# How would you explain Nothing[] weirdness? [duplicate]

I would like to use Nothing[] to make some elements of a list invisible. (The intended use is to remove a few unwanted points from a ListPlot.) But sometimes it seems that the operation fails:

x = {a, b, c, d, e} (* Create a list *)
(*{a, b, c, d, e}*)

x[[3]] = Nothing (* Remove an element *)
(*Nothing*)

x
(*{a, b, d, e} (* Third element successfully removed. *)*)

x[[3]]
(*d   (* The third element is now 'd' instead of 'c' *)*)

x[[1]] = Nothing (* Remove the first element *)
(*Nothing*)

x
(*{b, d, e} (* The first element removed successfully. *)*)

x[[3]] = Nothing (* Remove the third element *)
(*Nothing*)

x
(*{b, d, e} (* List is unchanged! *)*)

x[[3]]
(*e*)


Of course, assigning Nothing[] does not actually 'delete' anything.

Definition[x]
(*x = {Nothing, b, Nothing, d, e}*)



The documentation says "Nothing[] is removed during the standard evaluation process." This then makes me believe that assigning Nothing[] does not involve the standard evaluation process.

This is rather annoying, because now the indexes used by standard evaluation and the Nothing[] assignment do not match.

Position[x, d]
(*{{2}} (* Yes, the element 'd' is in the list *)*)

x[[Position[x, d] // First]] = Nothing[] (* Try to remove element 'd' *)
(*Nothing*)

x
(*{d, e} (* The element 'd' was not removed! *)*)

x[[1]] = z; x
(*{z, d, e} (* This is just weird *)*)



I guess I'm posting this more as a warning than as a question. If there are suggestions on how to do it differently, or if I'd missed something in the documentation that explains this behaviour I'd be most interested.

My next step would be to collect the indices of the elements I want to disappear and assign Nothing[] to them in a singe step, rather than trying to remove them piecemeal.

• If you want to instantly remove something use e.g. Delete or Drop. – SHuisman Mar 4 '20 at 13:50
• The question could be rephrased from "a warning about this weirdness" to "why is this behaving weirdly?" – Jason B. Mar 4 '20 at 15:35
• x[[1]] = Nothing changes the first element of x to be Nothing. It does not re-evaluate the entire contents of x and then re-assign the result to x. – Szabolcs Mar 4 '20 at 16:33
• The person who voted to reopen: it's better to explain why it should be reopened. If you make that clear, others will vote too. – Szabolcs Mar 4 '20 at 19:46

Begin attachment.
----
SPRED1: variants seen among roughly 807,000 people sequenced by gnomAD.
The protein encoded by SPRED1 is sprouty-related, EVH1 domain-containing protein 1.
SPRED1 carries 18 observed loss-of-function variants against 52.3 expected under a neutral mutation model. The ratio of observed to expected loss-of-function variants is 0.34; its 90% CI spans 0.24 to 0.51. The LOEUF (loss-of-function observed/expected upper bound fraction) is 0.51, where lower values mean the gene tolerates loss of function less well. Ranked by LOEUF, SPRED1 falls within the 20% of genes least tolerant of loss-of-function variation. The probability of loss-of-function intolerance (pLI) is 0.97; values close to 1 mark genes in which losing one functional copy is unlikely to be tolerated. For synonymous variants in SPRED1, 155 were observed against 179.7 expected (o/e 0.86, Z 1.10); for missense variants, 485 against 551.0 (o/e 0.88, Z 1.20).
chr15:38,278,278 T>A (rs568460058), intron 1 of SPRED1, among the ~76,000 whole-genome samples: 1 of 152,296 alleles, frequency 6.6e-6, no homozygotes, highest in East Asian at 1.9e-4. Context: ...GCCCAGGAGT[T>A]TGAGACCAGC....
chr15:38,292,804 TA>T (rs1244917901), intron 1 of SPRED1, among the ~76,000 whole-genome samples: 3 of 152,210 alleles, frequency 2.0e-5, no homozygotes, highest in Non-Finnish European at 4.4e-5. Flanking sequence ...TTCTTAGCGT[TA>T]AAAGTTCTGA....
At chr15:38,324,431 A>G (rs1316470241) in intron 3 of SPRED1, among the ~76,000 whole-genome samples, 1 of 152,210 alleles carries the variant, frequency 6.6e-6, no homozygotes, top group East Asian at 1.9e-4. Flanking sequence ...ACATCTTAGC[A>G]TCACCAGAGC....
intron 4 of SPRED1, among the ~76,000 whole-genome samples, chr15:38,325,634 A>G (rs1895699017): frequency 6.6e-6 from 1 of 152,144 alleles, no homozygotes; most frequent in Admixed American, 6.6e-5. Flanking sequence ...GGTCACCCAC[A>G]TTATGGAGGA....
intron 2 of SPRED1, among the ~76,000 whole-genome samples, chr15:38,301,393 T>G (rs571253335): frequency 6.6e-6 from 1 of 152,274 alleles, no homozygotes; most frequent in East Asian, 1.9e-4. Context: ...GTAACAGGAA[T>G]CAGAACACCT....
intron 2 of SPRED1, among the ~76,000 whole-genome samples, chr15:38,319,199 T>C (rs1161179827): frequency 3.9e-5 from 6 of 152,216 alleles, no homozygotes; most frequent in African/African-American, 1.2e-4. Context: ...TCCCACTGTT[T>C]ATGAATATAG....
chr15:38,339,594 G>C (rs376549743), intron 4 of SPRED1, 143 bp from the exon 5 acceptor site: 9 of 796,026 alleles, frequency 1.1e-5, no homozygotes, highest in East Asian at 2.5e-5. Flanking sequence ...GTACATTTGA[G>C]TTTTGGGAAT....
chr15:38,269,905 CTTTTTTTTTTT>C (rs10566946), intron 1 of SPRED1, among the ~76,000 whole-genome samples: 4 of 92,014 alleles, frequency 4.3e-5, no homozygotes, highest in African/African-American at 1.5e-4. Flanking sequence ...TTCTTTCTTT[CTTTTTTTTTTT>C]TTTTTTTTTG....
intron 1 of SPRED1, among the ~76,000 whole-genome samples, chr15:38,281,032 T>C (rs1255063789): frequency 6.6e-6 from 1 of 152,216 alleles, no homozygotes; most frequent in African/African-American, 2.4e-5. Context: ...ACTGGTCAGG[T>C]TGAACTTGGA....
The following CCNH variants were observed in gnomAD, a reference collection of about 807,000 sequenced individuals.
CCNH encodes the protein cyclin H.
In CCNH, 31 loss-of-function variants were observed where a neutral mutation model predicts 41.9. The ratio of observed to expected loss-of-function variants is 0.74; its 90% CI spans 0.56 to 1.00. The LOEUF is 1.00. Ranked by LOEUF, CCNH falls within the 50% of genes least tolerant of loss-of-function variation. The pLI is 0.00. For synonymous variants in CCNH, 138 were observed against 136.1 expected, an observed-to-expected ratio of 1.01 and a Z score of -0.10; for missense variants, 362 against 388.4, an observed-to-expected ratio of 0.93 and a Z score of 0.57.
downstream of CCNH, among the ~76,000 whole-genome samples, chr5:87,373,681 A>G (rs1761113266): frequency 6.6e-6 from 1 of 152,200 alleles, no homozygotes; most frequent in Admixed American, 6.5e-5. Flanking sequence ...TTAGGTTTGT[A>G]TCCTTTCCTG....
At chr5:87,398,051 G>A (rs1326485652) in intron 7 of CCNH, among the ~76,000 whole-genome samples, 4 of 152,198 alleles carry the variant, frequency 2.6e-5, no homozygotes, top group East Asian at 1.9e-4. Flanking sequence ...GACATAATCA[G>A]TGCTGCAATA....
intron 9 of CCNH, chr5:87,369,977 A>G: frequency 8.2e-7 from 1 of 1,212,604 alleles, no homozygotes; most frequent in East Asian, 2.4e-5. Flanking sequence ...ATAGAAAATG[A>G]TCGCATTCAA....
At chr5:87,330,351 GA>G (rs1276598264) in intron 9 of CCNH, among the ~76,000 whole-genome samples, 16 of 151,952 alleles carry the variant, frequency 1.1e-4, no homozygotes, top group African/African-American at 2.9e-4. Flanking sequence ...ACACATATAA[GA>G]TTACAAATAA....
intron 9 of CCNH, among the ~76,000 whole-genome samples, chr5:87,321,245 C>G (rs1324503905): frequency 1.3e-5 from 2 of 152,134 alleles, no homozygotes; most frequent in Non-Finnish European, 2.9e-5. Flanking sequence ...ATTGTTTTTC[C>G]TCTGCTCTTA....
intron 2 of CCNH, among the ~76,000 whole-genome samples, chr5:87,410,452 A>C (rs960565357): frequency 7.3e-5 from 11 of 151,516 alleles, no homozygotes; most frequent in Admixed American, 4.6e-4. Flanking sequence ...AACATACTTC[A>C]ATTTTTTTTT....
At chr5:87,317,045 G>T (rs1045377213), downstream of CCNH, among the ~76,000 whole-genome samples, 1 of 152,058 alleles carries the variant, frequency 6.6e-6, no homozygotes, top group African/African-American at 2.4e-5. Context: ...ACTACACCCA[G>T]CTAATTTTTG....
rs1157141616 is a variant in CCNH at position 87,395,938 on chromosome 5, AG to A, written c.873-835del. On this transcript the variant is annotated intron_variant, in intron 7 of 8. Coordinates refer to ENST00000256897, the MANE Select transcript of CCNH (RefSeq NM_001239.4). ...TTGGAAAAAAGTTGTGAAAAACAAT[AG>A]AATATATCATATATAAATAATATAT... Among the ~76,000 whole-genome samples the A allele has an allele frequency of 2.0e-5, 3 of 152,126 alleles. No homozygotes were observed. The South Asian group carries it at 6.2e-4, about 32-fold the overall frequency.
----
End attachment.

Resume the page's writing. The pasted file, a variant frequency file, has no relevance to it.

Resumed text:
• Nothing is not a function. It is a symbol. Sequence is very different: you must use Sequence[]. It has to be used as a function. If you are using Nothing and not Nothing[] in your code, then please do not keep referring to Nothing[]—they are not the same thing. – Szabolcs Mar 5 '20 at 8:49

I think the best way to understand this behavior is with this example,

In[99]:= x = {a, b, c, d, e};

In[101]:= Length@x

Out[101]= 5

In[102]:= x[[3]] = Nothing;

In[103]:= Length[x]

Out[103]= 4

In[104]:= Block[{Nothing}, Length[x]]

Out[104]= 5


When you say x[[3]] = Nothing, you are not deleting an element from x. x is still a 5-element list. But x is now something that will evaluate to a 4-element list.

Nothing has evaluation rules such that it becomes Sequence[] when inside a List. So when you use x it has to re-evaluate every time,

In[107]:= TracePrint[x, _List]

During evaluation of In[107]:=  {a,b,Nothing,d,e}

During evaluation of In[107]:=  {a,b,d,e}

Out[107]= {a, b, d, e}


In general I would avoid Part modification like this, where you create an expression that isn't finished evaluating.

As mentioned in the comments, to delete a part of a list use Delete. If you want to use Nothing it is necessary to add another evaluation step, like

x[[3]] = Nothing;
x = x


or

x = ReplacePart[x, 3 -> Nothing]


I find Nothing to be very useful. Often I'm compiling a list and I do

elem1 = If[condition1, val1, Nothing];
elem2 = If[condition2, val2, Nothing];
list = {elem1, elem2}


I find it easier to use than Sequence @@ {} in these cases.